Mention the term “houses for rent”, and many envision foreclosed houses fixed up and thrown into a rental pool. While this was certainly the case following the great recession, for-rent housing has evolved into so much more.
Last month, Brad Hunter and I shared our thoughts on the housing phenomenon that is sweeping the country. Built-For-Rent Housing accounted for 6% of all new homes built in 2020 – a figure that is projected to grow to 8% this year.
Why Choose to Rent?
There are many reason people choose to rent vs own. They include:
- Renters by choice – those unwilling to commit to a purchase
- Millennials with kids but no down payment
- Recent Gen Z college graduates beginning their careers
- Covid driving folks to the suburbs
- Relocation – especially during the Covid restricted economy
- Families in transition – marriage or divorce
- Boomer grandparents wanting to be closer to their grandkids
- And last but not least – the dog!
You’ll notice that these reasons encompass just about all walks of life. Therefore, our response needs to be just as diverse and varied. We’re seeing built-for-rent product in both attached and detached – big and small. On the large size, you can find two-story single-family homes with two-car garages. On the small side, detached “horizontal apartments” can start at just 750 sq. ft. In between, narrow single family, duplexes, and townhomes.
Often, the dog that is the true disrupter. Many people living in apartments end up adopting a dog at some point. But after walking down two flights of stairs in their apartment at all hours for the dog to do his business, the detached horizontal apartment starts to look very attractive. Add a fenced in back yard with canine grass and a doggy door and both the dog and the owner can relax a little bit! If it sounds like we’re speaking from experience, you won’t be surprised to learn that every member at HDM has at least one furry friend.
Spec Building on Steroids
There are real advantages to building for rent vs building for sale. For instance, there is no down time waiting for buyers to select their finishes. You can think of it as spec building on steroids and utilize and even flow building process with your subs.
Another huge advantage is the ability to predetermine a harmonious streetscape with ample diversity of elevation styles, materials, textures, and colors. This critical advantage is often overlooked by overzealous builders who assume if you build it, they will come. What you don’t want to come are angry neighbors and pushback by both renters and the community.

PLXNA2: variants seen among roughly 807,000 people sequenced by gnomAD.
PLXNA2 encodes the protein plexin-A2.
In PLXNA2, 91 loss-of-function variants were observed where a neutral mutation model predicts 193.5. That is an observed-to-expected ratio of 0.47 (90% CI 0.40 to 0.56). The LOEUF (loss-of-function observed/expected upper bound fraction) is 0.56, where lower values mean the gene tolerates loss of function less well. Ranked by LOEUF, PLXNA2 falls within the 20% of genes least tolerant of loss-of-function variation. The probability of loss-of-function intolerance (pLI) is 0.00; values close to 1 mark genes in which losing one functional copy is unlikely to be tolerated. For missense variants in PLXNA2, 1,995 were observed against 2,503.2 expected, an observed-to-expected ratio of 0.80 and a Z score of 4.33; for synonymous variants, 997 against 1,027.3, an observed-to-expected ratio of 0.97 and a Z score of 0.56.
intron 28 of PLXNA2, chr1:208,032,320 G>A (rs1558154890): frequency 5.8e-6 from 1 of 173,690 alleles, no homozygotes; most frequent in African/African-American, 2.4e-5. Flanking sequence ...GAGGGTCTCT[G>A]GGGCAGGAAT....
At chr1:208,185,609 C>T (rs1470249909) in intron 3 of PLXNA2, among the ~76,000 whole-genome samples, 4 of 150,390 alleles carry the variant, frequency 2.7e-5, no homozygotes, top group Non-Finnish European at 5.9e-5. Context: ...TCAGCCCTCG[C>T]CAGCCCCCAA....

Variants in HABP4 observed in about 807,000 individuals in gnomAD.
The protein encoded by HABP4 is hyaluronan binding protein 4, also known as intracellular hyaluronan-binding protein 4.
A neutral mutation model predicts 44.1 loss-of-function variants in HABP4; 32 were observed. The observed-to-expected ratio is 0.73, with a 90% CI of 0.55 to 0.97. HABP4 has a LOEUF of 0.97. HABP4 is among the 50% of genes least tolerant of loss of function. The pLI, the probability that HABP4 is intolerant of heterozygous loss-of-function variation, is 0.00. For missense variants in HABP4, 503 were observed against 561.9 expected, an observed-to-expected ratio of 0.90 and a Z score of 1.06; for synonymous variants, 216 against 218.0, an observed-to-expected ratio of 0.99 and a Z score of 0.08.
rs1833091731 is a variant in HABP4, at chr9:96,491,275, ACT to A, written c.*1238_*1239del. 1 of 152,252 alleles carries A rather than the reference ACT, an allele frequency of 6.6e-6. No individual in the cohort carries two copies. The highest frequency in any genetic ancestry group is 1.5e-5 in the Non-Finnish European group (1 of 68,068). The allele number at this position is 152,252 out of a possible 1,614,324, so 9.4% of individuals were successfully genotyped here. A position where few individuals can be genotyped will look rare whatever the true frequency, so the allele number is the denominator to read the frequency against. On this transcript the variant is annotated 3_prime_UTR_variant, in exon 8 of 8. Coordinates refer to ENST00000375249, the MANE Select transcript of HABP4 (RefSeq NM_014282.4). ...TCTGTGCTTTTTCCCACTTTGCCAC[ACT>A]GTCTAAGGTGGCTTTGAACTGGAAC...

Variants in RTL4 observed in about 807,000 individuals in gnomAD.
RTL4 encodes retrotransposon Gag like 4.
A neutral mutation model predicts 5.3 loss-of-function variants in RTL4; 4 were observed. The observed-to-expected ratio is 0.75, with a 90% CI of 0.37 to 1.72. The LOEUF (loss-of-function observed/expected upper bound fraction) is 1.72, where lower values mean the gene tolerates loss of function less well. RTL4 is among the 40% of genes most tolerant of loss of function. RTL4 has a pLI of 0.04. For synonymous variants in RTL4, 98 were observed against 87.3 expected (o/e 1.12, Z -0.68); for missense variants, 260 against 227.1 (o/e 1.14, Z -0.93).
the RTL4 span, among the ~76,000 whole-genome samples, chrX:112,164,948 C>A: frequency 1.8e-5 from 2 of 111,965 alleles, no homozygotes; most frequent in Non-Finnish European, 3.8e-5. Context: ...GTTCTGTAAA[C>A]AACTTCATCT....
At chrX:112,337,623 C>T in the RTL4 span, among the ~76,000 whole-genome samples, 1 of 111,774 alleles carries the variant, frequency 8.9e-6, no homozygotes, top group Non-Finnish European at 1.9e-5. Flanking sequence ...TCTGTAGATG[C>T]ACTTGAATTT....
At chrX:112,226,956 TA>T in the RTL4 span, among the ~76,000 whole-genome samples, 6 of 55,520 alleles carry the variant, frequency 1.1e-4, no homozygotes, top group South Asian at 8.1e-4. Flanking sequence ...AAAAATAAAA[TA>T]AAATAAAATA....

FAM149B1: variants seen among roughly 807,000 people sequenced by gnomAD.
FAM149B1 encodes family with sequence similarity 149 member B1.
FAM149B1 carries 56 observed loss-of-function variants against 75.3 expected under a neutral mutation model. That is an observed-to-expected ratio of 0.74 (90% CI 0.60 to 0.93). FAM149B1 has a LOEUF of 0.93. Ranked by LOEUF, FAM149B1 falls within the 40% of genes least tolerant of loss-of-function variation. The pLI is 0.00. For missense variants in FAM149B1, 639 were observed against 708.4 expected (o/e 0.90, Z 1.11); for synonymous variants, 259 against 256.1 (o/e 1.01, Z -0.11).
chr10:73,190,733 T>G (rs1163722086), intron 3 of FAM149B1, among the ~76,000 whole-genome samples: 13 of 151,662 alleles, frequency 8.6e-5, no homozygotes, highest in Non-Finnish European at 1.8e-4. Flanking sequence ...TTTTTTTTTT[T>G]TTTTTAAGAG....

The Importance of durability
Durability plays a unique role in for-rent housing. Outside, this might include a masonry finish. Inside – forget carpet! Luxury vinyl plank (LVP) flooring has come a long way, especially when you consider pets. LVP is great for pet accidents, water spills and claw marks.
Many still add ceramic to the bathrooms – and the stairs – some prefer the carpet while others are going vinyl. Since renters might not mention the crack in the grout of the shower wall – it is best to use a shower pan and either large scale tile on the walls or solid sheet goods. For the secondary bath, use a fiberglass tub shower unit complete with walls.
Since for-rent homes will see more turnover than for-sale, we need our houses to be durable against the brother-in-law who was voluntold to help move, and might not be the most qualified and caring when it comes to damaging your walls or staircase. In a two-story home, the path to the master should not be an obstacle course of corners to the room furthest from the stairs.
Instead, place the master at the top of the stairs. Minimize exposed corners and ensure that you have room to pivot large pieces of furniture.
As for the stairs themselves, it is always a good idea to go for increased width and avoid pickets that can snag furniture.
The last consideration is maintaining the mechanicals. It’s safe to assume that renters will never change their air filter (which reminds me, it’s time to change our air filter). As a result, some providers put the air handler in a closet accessible from the garage. Others prefer the extra initial investment of a once-a-year air-filter and reduced manpower to change them.
Perhaps one of the biggest dangers in planning a built-for-rent neighborhood is underestimating the parking demand. How many two car garages actually house two cars? A slightly larger garage should be considered so renters can store “stuff” and still park their cars. Nothing ruins a streetscape like a bunch of cars littering the street. Providing a setback garage with the house forward and ample landscaping will help buffer this.
In a rental community, 2% of the units have to be ADA-compliant for all the single-family units. Additionally, if you’re trying to push density with your horizontal apartments, “stacking” them where there is one unit behind another, you might want to verify fire department access to all units – or you might be forced to add fire sprinklers to the units.
The “If you build it, they will come” mentality is perhaps the biggest danger. Do not fall into the trap of thinking that there is only one type of rental product. Determining what to build depends on many factors – too many to be covered today but they include an analysis of the sub-market, market segmentation, and an expected return on investments.
With all the talk about return on investment, even flow building practices and market segmentation, it is easy to forget you’re creating someone’s home. Invest the time upfront to design compelling floor plans and appealing streetscapes. Let’s make these places something a renter can be proud of!
Categorized in: Built For Rent, IBSx
This post was written by Housing Design Matters